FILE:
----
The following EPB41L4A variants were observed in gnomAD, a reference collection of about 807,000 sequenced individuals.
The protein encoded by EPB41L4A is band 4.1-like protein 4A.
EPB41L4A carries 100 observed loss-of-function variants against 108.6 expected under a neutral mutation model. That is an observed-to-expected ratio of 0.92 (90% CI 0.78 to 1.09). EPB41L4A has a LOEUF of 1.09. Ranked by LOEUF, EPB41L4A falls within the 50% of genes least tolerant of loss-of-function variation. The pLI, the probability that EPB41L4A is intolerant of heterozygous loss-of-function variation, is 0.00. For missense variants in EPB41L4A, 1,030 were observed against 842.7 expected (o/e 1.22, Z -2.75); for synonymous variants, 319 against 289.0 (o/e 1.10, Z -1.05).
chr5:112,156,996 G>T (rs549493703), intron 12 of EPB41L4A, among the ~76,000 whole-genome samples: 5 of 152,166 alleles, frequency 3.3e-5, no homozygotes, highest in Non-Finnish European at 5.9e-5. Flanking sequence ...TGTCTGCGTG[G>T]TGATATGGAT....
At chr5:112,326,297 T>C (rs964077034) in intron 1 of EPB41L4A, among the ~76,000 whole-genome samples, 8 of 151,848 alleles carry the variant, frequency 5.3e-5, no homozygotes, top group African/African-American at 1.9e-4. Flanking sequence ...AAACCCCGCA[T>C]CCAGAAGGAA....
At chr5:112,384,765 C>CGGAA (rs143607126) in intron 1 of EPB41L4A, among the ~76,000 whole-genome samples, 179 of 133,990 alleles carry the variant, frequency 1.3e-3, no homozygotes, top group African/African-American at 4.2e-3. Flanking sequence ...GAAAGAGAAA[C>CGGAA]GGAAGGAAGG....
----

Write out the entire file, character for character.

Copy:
The following EPB41L4A variants were observed in gnomAD, a reference collection of about 807,000 sequenced individuals.
The protein encoded by EPB41L4A is band 4.1-like protein 4A.
EPB41L4A carries 100 observed loss-of-function variants against 108.6 expected under a neutral mutation model. That is an observed-to-expected ratio of 0.92 (90% CI 0.78 to 1.09). EPB41L4A has a LOEUF of 1.09. Ranked by LOEUF, EPB41L4A falls within the 50% of genes least tolerant of loss-of-function variation. The pLI, the probability that EPB41L4A is intolerant of heterozygous loss-of-function variation, is 0.00. For missense variants in EPB41L4A, 1,030 were observed against 842.7 expected (o/e 1.22, Z -2.75); for synonymous variants, 319 against 289.0 (o/e 1.10, Z -1.05).
chr5:112,156,996 G>T (rs549493703), intron 12 of EPB41L4A, among the ~76,000 whole-genome samples: 5 of 152,166 alleles, frequency 3.3e-5, no homozygotes, highest in Non-Finnish European at 5.9e-5. Flanking sequence ...TGTCTGCGTG[G>T]TGATATGGAT....
At chr5:112,326,297 T>C (rs964077034) in intron 1 of EPB41L4A, among the ~76,000 whole-genome samples, 8 of 151,848 alleles carry the variant, frequency 5.3e-5, no homozygotes, top group African/African-American at 1.9e-4. Flanking sequence ...AAACCCCGCA[T>C]CCAGAAGGAA....
At chr5:112,384,765 C>CGGAA (rs143607126) in intron 1 of EPB41L4A, among the ~76,000 whole-genome samples, 179 of 133,990 alleles carry the variant, frequency 1.3e-3, no homozygotes, top group African/African-American at 4.2e-3. Flanking sequence ...GAAAGAGAAA[C>CGGAA]GGAAGGAAGG....